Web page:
After more than a decade of teaching, I still find it fascinating that the best and the worst days can be one in the same.
Today was so...odd, and horrifying, and lovely, and frustrating, and invigorating. In other words, today was a normal day in middle school.
Vocabulary word of the day: Halcyon.
As usual, there's a story behind the word of the day. Once upon a time, Aeolus, the King of the winds, had a daughter, Alcyone. Alcyone was one of the Pleiades, married to Ceyx, the King of Thessaly. When Ceyx drowned (thanks to a thunderbolt from Zeus), Alcyone, overcome with grief for her husband, threw herself into the sea. Instead of drowning, she was carried on the winds, in the form of a bird, usually identified as a Kingfisher. In legend, the Kingfisher builds its nests on the open ocean, so Aeolus decreed that there would be a time of calm while the eggs of the Kingfisher are in the nest, waiting to hatch out the vulnerable offspring. Consequently, the fourteen days surrounding the winter solstice, the days in which the Kingfisher hatches her eggs on magically calm open seas, are termed the "halcyon days."
The Kingfisher, or the bird alkyon or halkyon, from the Greek hals "sea, salt" and kyon "conceive, to swell" is allowed to brood her eggs on a sea of calm thanks to her father Aeolus. Appropriately, there's a genus of the Kingfisher family called Ceyx, and another called Halcyonidae.
The Gods their chapes to winter-birds translate,
But both obnoxious to their former fate.
Their conjugaal affection still it tied,
And still the mournful race is multiplied:
They bill, they tread; Alcyone compressed,
Seven days sits brooding on her floating nest:
A wintry queen: her sire at length is kind,
Calms ev'ry storm and hushes ev'ry wind;
Prepares his empire for his daughter's ease,
And for his hatching nephews smooths the seas.
Today was not a halcyon day. Today, there was no calm, there was no hush. Today was chaos. My boss was away at a conference, and I taught six classes in a day of seven periods. Today, there were disciplinary actions, "talks" with students, and at one desperate moment, a nap on my office floor seemed the only reasonable option.
But it's April in New Hampshire, and I am used to unsettled weather. Today, for example, Lyme had bright sunshine, torrential downpours, hail, and high winds. On such a day, my scheduled lesson, the short stories of a few despairing Russians, was not working for my eighth graders. Dostoyevsky's An Honest Thief, Chekov's The Bet, and Tolstoy's God Sees the Truth But Waits was not going to happen. The stories - and my entire short story unit, no less - may have been inked into the schedule since September, but that does not mean I could force the Russians down my students' throats. They needed a change in the weather.
I happened to have a stack of King Lear, ordered for next year's class. I hadn't planned to use them, but they were sitting right there, on my office floor, taking up my nap space. I figured it if it is my favorite story, I could make it their favorite story. At least until May.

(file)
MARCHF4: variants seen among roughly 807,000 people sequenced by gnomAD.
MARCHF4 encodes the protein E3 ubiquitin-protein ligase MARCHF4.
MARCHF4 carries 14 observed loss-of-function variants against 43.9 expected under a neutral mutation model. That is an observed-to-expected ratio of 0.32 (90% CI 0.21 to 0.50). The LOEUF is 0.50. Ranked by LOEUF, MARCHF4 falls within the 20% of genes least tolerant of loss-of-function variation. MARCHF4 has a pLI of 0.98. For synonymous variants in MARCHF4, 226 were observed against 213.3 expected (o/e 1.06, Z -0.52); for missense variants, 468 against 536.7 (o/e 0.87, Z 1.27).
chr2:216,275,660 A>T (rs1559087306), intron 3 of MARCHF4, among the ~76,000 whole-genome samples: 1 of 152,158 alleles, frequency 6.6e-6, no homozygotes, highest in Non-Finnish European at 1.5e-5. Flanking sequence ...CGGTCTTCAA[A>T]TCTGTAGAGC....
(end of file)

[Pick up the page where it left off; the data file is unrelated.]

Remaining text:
And so far, so good. They needed a change, so I switched up my plans. They needed energy, so I will give them all I've got. No reading from seats; all reading will be done from the front of the room. No homework in Lear; all reading will be done in class. Performances and enthusiasm, not innate comprehension, will be graded. The play's the thing.
We started reading, and the skies cleared over my classroom. The howling winds died down and I heard laughter instead. The boy who read Cordelia's part today day gave his all. The girl who stood tall, delivering Lear's words as he struggled to reclaim his dignity in the aftermath of his disastrous love test earned a ten out of ten for her efforts.
Where boredom dominated, enthusiasm now reigns.
And that's how middle school works. The winds may rage, but inside the walls of our middle school, I provide the calm waters my students need in order to emerge from their nests unscathed. Because sometimes, when they are at their most chaotic, they require my stability, my quiet, the solace of my classroom. Today, I had to shield them from the hail and high winds and create artificial halcyon days. Like Aeolus, I will provide it, but I will also retain my parents' prerogative to be frustrated and exhausted from the exertion that this protection demands.
Today, I played the benevolent Prospero. Today, I conjured some magic, changed the weather, and calmed the seas under their nests. Tomorrow, who knows.
Tonight, the evening is suffused with that golden light that peers out from a clearing in dark, stormy skies. The dark and rain will return, but for a little while, it's what Walt Whitman saw when he envisioned his "Halcyon Days."
As gorgeous, vapory, silent hues cover the evening sky,
As softness, fulness, rest, suffuse the frame, like freshier, balmier air,
As the days take on a mellower light, and the apple at last hangs
really finish'd and indolent-ripe on the tree,
Then for the teeming quietest, happiest days of all!
The brooding and blissful halcyon days!